Or it could just be related to popularity of the language or related to the kinds of people using it and the problems people are trying to solve with it. The reality is it doesn't really tell anybody anything.

Nice to see the defensive posts by people who obviously ask a lot of python questions on SO though heh.

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Stand up who HASN'T been hit in the Equifax mega-hack – whoa, whoa, sit down everyone

streaky
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Re: Can't even be arsed to use an Equifax cert?

Most people are smart enough to delete those equifax root certs along with those chinese ones and turk trust is probably why.

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streaky
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Re: Only

Rule 10b5-1 sets out how this goes for executive share sales

Prisons are full of people who broke rules. Insider trading is difficult when companies work by strict interpretations of those rules, but again, prisons.

Not that I have any clue what happened here but saying insider trading doesn't happen because compliance is *absurd*. It might not be prosecuted successfully because good lawyers and technicalities but it happens, continuously.

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Boffins want machine learning to predict earthquakes

streaky
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Re: Randomness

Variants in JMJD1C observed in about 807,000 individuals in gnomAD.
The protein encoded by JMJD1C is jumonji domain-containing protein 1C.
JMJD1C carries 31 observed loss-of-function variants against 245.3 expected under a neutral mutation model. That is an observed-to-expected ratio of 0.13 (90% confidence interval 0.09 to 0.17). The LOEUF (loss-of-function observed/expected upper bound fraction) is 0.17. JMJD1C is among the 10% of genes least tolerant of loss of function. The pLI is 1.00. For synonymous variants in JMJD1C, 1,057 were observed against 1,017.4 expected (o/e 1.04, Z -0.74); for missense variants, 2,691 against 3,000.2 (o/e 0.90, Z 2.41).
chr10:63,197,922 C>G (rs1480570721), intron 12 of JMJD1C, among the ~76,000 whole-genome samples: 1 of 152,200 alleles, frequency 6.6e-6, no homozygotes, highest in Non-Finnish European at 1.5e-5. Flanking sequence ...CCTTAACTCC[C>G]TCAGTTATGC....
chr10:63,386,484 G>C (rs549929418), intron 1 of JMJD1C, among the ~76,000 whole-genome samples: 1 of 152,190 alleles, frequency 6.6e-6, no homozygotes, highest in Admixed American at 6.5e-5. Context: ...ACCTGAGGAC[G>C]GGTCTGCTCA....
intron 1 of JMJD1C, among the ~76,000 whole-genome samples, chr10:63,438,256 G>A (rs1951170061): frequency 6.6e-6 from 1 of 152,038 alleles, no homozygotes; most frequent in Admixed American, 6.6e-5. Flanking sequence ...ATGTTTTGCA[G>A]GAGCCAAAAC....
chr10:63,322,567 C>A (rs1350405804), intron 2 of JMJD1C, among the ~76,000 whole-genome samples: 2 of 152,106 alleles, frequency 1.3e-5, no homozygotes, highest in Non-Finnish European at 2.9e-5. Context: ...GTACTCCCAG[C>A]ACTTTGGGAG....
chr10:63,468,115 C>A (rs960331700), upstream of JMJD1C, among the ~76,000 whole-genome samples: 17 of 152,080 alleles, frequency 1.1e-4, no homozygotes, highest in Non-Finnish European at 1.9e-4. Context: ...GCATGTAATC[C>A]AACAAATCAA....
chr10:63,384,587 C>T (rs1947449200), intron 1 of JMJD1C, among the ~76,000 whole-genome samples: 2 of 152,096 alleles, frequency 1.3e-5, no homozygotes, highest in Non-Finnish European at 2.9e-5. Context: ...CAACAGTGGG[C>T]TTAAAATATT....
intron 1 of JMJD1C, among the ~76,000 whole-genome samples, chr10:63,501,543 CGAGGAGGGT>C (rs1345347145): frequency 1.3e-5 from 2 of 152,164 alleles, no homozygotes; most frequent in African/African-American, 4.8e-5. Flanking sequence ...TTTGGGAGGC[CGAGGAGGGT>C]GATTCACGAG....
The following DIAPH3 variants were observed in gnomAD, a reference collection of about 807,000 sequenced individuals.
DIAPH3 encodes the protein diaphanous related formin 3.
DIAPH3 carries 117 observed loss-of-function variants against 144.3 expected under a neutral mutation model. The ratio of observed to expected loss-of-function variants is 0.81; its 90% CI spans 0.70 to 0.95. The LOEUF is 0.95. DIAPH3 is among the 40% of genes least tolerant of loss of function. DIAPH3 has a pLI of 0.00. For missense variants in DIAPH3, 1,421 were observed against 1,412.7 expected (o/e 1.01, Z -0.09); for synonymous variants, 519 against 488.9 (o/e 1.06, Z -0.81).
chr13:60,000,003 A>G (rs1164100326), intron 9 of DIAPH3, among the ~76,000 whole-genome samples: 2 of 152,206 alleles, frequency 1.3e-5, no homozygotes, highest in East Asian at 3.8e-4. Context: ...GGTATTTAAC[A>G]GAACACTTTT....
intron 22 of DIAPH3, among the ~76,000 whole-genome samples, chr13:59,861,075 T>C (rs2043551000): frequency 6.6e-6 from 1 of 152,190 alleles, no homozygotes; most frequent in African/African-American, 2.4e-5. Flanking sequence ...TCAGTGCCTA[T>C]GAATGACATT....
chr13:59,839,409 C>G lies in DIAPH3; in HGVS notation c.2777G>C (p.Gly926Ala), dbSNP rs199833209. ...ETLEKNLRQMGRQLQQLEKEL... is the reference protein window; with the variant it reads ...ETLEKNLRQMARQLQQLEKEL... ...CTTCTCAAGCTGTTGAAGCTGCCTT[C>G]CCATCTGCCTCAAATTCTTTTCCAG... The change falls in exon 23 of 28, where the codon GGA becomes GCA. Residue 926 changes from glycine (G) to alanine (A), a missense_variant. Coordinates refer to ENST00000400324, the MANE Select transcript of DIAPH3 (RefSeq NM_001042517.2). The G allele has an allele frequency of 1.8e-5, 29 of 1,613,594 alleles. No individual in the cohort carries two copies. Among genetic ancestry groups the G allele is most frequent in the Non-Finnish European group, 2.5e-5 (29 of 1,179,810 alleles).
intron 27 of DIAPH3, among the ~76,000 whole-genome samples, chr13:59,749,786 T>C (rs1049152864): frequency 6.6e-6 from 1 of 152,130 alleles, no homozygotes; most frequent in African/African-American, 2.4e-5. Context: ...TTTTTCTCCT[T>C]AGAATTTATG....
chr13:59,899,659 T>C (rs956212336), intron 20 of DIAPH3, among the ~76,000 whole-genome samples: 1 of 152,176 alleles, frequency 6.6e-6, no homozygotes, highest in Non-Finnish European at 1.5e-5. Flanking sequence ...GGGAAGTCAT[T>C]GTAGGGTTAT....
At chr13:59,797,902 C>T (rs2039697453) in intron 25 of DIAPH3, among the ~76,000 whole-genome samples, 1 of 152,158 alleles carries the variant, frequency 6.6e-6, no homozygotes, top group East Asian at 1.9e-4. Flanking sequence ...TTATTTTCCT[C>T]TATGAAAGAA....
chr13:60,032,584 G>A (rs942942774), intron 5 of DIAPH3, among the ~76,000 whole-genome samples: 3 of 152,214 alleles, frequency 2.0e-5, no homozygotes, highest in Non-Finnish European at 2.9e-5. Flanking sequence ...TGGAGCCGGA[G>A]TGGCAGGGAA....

It's not just about accurate equipment, it's about putting the sensors down where energy will be released from. If you can detect the early signs then yes, sure, it should be possible to predict earthquakes.

It's not always that simple though, just looking at the signs we'd be expecting the Yellowstone supervolcano to blow 100 times over the last 30 years.

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streaky
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Randomness

They're probably not random but at the same time there probably isn't enough data available to predict them, even roughly. If there was we'd be predicting them already.. There needs to be more data being recorded about stresses in faults at the depths that they occur at, trying to listen for this at 10 miles above probably isn't sensitive enough for most types of quake (plus being sensitive enough for that picks up other fault activity).

I did see that one guy in /r/conspiracy that reckons they're easy to predict via solar flare activity that gave me a chuckle though..

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streaky
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Re: Maybe earthquakes are already predictable!